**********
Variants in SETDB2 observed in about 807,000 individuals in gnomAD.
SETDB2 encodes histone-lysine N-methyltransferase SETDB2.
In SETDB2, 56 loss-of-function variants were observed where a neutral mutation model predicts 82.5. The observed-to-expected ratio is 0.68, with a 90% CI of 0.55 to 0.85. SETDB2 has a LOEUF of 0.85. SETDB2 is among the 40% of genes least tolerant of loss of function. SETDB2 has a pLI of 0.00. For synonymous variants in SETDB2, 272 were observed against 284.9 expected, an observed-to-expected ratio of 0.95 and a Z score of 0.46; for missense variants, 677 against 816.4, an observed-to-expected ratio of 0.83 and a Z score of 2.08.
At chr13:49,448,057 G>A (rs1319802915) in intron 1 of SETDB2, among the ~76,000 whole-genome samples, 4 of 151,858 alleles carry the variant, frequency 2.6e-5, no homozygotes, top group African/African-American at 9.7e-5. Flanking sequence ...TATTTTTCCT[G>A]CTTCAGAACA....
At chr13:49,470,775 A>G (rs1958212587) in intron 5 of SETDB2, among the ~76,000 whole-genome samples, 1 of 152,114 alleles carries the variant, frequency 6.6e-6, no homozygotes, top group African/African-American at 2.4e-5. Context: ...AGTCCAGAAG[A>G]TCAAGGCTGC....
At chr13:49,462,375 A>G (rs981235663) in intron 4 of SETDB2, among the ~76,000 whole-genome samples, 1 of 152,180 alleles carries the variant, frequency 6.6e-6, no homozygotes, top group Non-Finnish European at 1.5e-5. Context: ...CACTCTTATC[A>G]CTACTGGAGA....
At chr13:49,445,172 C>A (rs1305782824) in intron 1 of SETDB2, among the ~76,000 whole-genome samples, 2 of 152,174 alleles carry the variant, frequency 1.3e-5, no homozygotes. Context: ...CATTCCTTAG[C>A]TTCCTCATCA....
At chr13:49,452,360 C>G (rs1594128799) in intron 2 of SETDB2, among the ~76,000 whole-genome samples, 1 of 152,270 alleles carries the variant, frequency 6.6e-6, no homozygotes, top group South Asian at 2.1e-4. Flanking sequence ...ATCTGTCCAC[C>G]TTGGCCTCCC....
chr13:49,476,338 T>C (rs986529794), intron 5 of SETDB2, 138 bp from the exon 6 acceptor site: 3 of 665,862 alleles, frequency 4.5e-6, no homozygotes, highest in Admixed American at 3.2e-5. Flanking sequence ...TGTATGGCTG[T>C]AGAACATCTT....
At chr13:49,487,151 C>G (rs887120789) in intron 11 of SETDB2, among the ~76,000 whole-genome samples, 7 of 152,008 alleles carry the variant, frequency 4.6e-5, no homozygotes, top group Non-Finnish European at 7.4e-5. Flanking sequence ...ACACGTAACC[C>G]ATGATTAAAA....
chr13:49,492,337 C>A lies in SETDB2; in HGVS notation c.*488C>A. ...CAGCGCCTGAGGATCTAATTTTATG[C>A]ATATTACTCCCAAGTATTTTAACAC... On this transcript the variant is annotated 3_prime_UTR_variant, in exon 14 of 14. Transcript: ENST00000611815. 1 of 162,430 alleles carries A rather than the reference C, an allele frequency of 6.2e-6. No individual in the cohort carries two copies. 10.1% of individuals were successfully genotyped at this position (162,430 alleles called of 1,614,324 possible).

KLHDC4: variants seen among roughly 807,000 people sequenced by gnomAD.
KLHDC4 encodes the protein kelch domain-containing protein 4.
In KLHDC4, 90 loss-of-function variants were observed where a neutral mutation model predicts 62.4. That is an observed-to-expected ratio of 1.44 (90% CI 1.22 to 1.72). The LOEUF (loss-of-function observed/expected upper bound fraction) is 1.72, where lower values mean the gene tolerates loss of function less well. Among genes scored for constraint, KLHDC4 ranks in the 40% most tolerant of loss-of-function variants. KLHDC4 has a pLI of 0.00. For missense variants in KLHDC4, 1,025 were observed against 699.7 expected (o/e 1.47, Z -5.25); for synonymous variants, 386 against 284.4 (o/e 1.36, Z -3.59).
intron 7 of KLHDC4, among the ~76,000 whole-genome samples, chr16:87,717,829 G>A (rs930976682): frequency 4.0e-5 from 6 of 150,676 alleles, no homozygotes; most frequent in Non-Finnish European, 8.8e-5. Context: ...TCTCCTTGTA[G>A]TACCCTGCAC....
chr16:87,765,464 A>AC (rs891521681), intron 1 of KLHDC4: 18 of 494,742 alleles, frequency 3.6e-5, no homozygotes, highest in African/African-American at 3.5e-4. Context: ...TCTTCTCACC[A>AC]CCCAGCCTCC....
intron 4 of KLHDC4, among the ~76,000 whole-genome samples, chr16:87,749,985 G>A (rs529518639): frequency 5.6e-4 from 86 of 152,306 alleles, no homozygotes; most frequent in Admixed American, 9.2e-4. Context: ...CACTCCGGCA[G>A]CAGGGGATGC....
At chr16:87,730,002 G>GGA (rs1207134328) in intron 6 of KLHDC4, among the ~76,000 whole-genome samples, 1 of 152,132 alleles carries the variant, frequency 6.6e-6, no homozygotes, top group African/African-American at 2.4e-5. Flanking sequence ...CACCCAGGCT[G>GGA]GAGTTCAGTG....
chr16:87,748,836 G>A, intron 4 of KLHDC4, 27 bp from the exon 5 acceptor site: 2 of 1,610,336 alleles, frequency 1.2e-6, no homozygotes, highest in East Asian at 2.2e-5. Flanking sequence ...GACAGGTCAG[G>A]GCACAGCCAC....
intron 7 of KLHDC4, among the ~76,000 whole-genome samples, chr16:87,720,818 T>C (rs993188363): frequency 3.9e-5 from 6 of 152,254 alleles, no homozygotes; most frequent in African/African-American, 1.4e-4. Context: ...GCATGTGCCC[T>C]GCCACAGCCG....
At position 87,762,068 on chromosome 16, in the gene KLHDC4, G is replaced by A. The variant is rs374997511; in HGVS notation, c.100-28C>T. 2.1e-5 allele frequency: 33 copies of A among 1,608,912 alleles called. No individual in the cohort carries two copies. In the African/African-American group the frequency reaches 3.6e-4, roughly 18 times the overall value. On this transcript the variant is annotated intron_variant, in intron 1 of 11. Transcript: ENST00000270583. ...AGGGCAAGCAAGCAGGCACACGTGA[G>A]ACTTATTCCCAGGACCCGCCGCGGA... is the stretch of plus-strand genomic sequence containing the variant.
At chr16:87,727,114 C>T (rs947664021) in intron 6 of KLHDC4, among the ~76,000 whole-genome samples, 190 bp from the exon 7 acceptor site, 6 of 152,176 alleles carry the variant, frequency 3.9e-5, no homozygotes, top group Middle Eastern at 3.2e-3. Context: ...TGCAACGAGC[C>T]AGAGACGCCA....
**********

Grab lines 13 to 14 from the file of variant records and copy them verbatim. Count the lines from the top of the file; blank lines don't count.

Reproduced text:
KLHDC4 encodes the protein kelch domain-containing protein 4.
In KLHDC4, 90 loss-of-function variants were observed where a neutral mutation model predicts 62.4. That is an observed-to-expected ratio of 1.44 (90% CI 1.22 to 1.72). The LOEUF (loss-of-function observed/expected upper bound fraction) is 1.72, where lower values mean the gene tolerates loss of function less well. Among genes scored for constraint, KLHDC4 ranks in the 40% most tolerant of loss-of-function variants. KLHDC4 has a pLI of 0.00. For missense variants in KLHDC4, 1,025 were observed against 699.7 expected (o/e 1.47, Z -5.25); for synonymous variants, 386 against 284.4 (o/e 1.36, Z -3.59).